Wednesday, July 3, 2013

Scarlet by Marissa Meyer -- A Fairy Tale Adventure Continues

Right, I've been absent from this blog for far too long and I do have reasons, not that they're good ones, but that's not what I'm here to explain right now.

No, right now I'm here to post a review of the second book in Marissa Meyer's The Lunar Chronicles, Scarlet, which I read the second it landed in my mailbox back in late February/early March and have been touting to friends with great enthusiasm ever since. But, I just found out yesterday that the staff at MacTeen have a surprise up their sleeves for bloggers who have posted reviews of Scarlet. Well, I hate not to be in on surprises so I thought I'd expand on the review I posted to Goodreads some time ago.

For anyone who is not familiar with The Lunar Chronicles, the series began in 2012 with Cinder, a re-imagining of Cinderella set in the distant future version of Beijing. Cinder is an orphan being raised by a controlling and cold step-mother, which is no surprise. What is a surprise is that Cinder is a cyborg -- part human, part machine -- who has no memories of her life until shortly before arriving in New Beijing at the age of ten or eleven. A gifted mechanic, Cinder is the primary source of income for her family, but is treated as property because of her cyborg status. The excitement begins when Cinder's step-mother volunteers her as a test subject in the research to combat a deadly plague that is ravaging the population. It is through this encounter that Cinder begins the voyage of discovery towards uncovering her true identity and becomes embroiled in the political stalemate between the Earthen governments and the predatory Queen Levana of the Lunar kingdom. Levana has her sights set on conquering Earth, can Cinder stop her?

The action is fast paced, the integration of the tropes of the familiar fairy tale are cleverly handled, but the real standout is Cinder herself. Talented, resourceful, caring and braver than she thinks she is, you will find yourself rooting for her from the beginning. If you haven't read Cinder yet, go, pick up a copy, it will be well worth the investment of time and money. Of course, once you do that you will be hooked and you will be chomping at the bit to move along to the second volume in this four book saga, Scarlet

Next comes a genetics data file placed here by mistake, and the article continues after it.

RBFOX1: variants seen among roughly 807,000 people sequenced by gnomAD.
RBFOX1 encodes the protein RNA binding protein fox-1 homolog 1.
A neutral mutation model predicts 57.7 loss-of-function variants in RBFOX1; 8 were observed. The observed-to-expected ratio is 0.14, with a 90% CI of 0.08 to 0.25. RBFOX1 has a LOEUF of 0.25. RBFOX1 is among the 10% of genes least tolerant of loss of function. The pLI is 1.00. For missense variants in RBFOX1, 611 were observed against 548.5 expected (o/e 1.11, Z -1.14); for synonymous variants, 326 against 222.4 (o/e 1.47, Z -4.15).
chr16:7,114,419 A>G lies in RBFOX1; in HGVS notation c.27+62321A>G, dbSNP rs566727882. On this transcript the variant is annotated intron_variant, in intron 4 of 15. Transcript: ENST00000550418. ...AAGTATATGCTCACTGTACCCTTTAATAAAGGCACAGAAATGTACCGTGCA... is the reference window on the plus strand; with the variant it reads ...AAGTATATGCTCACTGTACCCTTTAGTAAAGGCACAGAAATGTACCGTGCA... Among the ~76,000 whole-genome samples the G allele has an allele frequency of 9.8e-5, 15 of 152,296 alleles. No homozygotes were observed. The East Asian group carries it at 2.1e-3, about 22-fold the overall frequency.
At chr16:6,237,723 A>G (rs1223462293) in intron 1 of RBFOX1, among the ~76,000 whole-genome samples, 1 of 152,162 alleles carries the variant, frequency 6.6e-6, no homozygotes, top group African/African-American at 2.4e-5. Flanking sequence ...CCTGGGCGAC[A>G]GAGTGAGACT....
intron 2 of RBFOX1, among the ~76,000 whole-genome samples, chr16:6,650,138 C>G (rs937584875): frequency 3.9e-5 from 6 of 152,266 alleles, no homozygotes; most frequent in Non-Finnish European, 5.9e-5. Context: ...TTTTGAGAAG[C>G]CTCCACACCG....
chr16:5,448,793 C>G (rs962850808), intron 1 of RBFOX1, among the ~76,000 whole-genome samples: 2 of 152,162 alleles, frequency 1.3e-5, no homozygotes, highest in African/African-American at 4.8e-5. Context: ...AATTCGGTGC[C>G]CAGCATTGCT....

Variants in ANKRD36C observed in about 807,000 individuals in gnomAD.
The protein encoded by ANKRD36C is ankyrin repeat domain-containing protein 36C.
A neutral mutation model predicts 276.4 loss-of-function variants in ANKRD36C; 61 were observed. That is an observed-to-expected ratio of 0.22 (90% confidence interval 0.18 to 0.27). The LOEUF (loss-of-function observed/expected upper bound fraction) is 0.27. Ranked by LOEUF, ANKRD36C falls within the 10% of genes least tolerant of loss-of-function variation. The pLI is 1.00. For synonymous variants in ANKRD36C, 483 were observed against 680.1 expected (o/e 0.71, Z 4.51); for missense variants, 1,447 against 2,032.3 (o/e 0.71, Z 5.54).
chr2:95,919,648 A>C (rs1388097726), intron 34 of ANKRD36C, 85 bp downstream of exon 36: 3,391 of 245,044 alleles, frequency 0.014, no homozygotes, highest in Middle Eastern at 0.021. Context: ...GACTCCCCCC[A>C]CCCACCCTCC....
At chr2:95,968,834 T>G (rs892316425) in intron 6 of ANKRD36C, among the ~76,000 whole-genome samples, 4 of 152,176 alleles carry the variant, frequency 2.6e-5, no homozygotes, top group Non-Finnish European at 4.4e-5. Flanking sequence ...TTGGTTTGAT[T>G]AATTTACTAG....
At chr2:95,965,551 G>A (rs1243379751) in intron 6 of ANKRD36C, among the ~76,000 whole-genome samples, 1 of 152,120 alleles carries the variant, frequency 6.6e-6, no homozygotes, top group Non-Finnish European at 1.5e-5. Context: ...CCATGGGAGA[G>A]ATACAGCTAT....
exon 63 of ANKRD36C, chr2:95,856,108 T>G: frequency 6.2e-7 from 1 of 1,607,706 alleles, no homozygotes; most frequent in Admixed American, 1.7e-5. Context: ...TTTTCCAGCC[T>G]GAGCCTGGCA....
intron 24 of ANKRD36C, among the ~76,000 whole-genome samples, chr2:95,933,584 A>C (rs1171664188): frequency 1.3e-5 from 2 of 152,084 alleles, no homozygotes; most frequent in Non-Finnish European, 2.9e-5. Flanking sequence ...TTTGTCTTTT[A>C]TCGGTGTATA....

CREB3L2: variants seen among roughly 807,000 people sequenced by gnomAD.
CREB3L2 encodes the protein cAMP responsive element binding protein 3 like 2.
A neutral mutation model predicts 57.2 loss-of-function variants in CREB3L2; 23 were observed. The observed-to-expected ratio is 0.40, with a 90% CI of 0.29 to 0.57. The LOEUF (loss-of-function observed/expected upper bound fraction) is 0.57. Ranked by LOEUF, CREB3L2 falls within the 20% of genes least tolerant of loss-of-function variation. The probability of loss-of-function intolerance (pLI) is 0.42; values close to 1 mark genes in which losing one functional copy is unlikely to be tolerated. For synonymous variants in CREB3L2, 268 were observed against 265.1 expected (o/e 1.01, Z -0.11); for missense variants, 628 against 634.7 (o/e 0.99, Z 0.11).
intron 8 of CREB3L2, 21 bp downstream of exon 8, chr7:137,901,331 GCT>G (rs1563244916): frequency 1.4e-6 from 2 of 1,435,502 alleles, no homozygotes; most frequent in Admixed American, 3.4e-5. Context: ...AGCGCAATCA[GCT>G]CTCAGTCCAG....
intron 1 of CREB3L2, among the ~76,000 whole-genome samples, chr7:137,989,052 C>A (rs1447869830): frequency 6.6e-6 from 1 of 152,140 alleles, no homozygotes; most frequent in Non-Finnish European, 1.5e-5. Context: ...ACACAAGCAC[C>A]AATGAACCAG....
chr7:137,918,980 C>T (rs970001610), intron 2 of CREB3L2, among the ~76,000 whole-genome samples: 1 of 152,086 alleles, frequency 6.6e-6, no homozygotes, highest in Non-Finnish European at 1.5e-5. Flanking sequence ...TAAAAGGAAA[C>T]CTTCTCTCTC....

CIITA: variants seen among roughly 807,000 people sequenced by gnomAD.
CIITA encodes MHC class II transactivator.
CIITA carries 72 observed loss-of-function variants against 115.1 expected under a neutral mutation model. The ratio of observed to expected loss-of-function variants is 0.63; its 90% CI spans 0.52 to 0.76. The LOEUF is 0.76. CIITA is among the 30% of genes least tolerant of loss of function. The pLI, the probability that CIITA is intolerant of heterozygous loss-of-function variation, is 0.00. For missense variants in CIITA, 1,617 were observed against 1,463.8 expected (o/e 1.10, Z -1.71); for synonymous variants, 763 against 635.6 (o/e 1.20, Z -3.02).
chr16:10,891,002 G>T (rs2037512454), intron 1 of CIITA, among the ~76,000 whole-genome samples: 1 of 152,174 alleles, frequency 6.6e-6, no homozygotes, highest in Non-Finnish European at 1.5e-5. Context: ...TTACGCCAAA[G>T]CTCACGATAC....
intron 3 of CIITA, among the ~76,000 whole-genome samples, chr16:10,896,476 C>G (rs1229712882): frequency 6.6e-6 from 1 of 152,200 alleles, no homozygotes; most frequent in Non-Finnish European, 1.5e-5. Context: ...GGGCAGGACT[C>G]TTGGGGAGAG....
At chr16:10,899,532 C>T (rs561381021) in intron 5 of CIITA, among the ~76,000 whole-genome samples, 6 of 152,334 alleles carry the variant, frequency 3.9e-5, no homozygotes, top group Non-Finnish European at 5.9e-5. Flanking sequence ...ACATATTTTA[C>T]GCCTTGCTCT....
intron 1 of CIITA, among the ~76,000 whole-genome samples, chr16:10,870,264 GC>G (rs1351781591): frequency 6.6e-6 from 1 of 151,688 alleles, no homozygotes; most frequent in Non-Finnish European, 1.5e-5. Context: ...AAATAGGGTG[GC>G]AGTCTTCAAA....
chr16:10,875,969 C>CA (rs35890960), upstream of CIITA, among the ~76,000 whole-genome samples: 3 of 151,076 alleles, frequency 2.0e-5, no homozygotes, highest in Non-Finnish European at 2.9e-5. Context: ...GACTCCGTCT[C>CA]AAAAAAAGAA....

While Cinder is a reworking of the Cinderella tale, Scarlet takes on the story of Little Red Riding Hood. Scarlet Benoit lives and works on a farm in France with her grandmother, except that her grandmother is missing. Scarlet refuses to believe that she's been abandoned or that her grandmother is dead. Reluctantly enlisting the help of an itinerant street fighter, Wolf, Scarlet goes in search of her beloved grandmother and discovers more than she expects about the woman she has known and loved. And, who is Wolf, really? Should she trust him and why is she so drawn to him? 

Interwoven with Scarlet's quest is the continuing story of Cinder who needs to escape from prison before she is handed over to the merciless Queen Levana.

Now, I have to admit, it took me a bit longer to warm up to Scarlet than Cinder, but I think that is a consequence of the structural requirements of the story Meyer needs to tell here. This second volume of The Lunar Chronicles is a high adrenaline speed chase from start to finish. As such it suffers a bit in comparison to Cinder. Because of the introduction of a raft of new characters while simultaneously propelling forward two separate, action packed narrative threads that don't collide until near the end, there is not nearly as much of the character driven interest that made the first volume such a standout. What there is does work well -- I enjoyed the romance between Scarlet and Wolf, Cinder's growing acceptance of her identity, and most especially Iko's adaptation to her new body. Iko, and Thorne, as comic relief elements flirt with the hackneyed conventions we all know so well from Star Wars and Raiders of the Lost Ark, but they are charming nonetheless.

In the end, this may not be the best entry into this series, but it still fabulous entertainment and transforms the central figures of the fairytale canon into self-reliant and capable young women that it is a joy to encounter in the pages of a book. I am extremely disappointed that the next volume, Cress -- which incorporates the story of Rapunzel into its plot -- won't be available until next year. I am not a patient woman. 

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